Small snippets of cell membranes that pinch off the neuronal surface are getting swept up in a rather large controversy. Some of these extracellular vesicles wend their way into the cerebrospinal fluid and even plasma, from where they can be plucked and scoured for signs of brain damage. The plucking, however, is a problem, according to researchers led by David Walt, Brigham and Women’s Hospital, Boston. For seven years now, labs around the world have relied on L1CAM, a neuronal cell surface protein, to isolate supposedly neuron-derived extracellular vesicles in biofluids. Alas, in the June 3 Nature Methods online, Walt and colleagues claim L1CAM does not associate with those NDEVs. If they are right, studies that have reported exosome biomarker differences between healthy controls and people with various neurodegenerative diseases, including Alzheimer’s, might be called into question.

  • L1CAM sits in neuronal membranes.
  • In CSF, plasma, it’s being used to isolate neuronal exosomes.
  • New study says this L1CAM is soluble, not associated with vesicles.

Some are not convinced. “The study by Norman et al. makes an important contribution to the ongoing research on deriving neuronal extracellular vesicles from biofluids; however, I cannot accept its bold conclusions regarding L1CAM,” wrote Dimitrios Kapogiannis, National Institute on Aging, Baltimore, to Alzforum. “I think this paper just shows that soluble L1CAM exists in plasma and CSF, something already widely known, but does not show that L1CAM-associated EVs do not exist,” added Kapogiannis, a pioneer in the field of extracellular vesicle (EV) research.

Tsuneya Ikezu, however, thinks the authors are onto something. “The results are convincing and will shed new light on the re-evaluation of the L1CAM-based method for isolating neuron-derived EVs,” Ikezu, now at Mayo Clinic in Jacksonville, Florida, wrote to Alzforum. “Our lab recently studied the protein composition of EVs isolated from iPSC-derived neurons and could not detect L1CAM by mass-spectrometry,” he added.

The issue was debated during a recent workshop organized by the International Society for Extracellular Vesicles and the Michael J. Fox Foundation. One view there held that, for certain research purposes, it may not matter whether L1CAM identifies NDEVs or not. “As a biologist, I would like to know if the L1CAM is coming from neurons, but from a biomarker perspective I think if we have an assay that works and is reproducible, that’s great,” noted Kenneth Witwer, Johns Hopkins University, Baltimore. The idea here is that if L1CAM, however it does so, associates with markers that are informative, it could be useful.

In recent years, L1CAM enrichment has been used to probe exosome changes in AD, Parkinson’s, frontotemporal dementia, multiple systems atrophy, dementia with Lewy bodies, and other neurodegenerative diseases (Shi et al., 2014; Goetzl et al., 2015; Winston et al., 2016; Pulliam et al., 2019; Cha et al., 2019; Jiang et al., 2020).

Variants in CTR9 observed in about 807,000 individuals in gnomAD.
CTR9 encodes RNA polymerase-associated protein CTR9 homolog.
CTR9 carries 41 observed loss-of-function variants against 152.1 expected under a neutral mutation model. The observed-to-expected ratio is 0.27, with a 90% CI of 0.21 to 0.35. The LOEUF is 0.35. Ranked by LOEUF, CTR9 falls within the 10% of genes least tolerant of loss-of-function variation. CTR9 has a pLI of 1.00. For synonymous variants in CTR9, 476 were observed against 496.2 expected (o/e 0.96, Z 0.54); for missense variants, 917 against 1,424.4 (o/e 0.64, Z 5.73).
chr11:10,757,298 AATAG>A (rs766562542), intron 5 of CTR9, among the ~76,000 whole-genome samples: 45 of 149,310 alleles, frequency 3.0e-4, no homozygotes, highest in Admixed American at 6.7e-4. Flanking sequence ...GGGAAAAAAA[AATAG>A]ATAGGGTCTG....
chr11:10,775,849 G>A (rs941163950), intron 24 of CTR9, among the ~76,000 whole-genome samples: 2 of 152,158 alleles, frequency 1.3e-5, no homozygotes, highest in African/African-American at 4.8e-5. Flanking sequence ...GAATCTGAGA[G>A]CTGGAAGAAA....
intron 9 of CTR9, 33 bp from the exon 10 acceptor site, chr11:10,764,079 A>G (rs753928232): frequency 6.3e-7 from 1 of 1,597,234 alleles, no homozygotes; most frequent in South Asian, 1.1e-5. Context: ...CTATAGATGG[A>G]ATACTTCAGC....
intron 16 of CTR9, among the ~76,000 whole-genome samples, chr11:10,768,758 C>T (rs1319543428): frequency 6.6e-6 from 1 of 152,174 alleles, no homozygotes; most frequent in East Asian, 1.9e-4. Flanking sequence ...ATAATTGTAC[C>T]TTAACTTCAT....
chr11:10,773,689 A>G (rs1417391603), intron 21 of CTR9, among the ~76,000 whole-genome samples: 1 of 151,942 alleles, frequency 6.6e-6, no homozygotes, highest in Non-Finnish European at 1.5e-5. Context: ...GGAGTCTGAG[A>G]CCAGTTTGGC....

What’s the new evidence against L1CAM? Co-first authors Maia Norman, Dmitry Ter-Ovanesyan, and colleagues developed highly sensitive SIMOA assays to measure this protein and other vesicle markers in size-exclusion and density-gradient fractions of human CSF and plasma. They found that L1CAM eluted together with soluble albumin, while membrane tetraspanins CD9, CD63, and CD81 eluted with fractions containing larger, lighter structures (see image below). These tetraspanin fractions were enriched for extracellular vesicles as seen in electron micrographs (see image below). In short, L1CAM did not associate with EVs.

Fractious L1CAM. In size-exclusion chromatography, L1CAM (center) elutes in later fractions along with albumin (right), whereas membrane tetraspanins elute earlier, in keeping with a vesicle origin (left). [Courtesy of Norman et al., Nature Method, 2021.]

Voila, Vesicles. Following size exclusion chromatography of human plasma, a fraction containing tetraspanins (left) is enriched for vesicles, whereas later fractions containing L1CAM and soluble albumin (right) are not. [Courtesy of Norman et al., Nature Methods, 2021.]

L1CAM spans the neuronal cell membrane, so why does it behave as a soluble protein on density gradients and in size-exclusion chromatography? Norman and colleagues think that’s because proteases clip the molecule. CSF L1CAM ran as a 200 kDa protein on western blots and was detectable only with an antibody to the extracellular side of the protein, not one to the intracellular domain. This is consistent with it being the shed extracellular domain, not the full-length 220 kDa protein.

Plasma told a different story, however. There, the soluble protein appeared to be full-length, running as 220 kDa. The authors think this is an alternatively spliced form missing exon 25. Since this exon encodes a small transmembrane domain, this L1CAM would have both extracellular and intracellular domains, but never slide into the membrane. Instead, it would be secreted. There is evidence that endothelial cells make this alternatively spliced form and that it has angiogenic activity, perhaps explaining why it is found in the blood (Angiolini et al., 2019).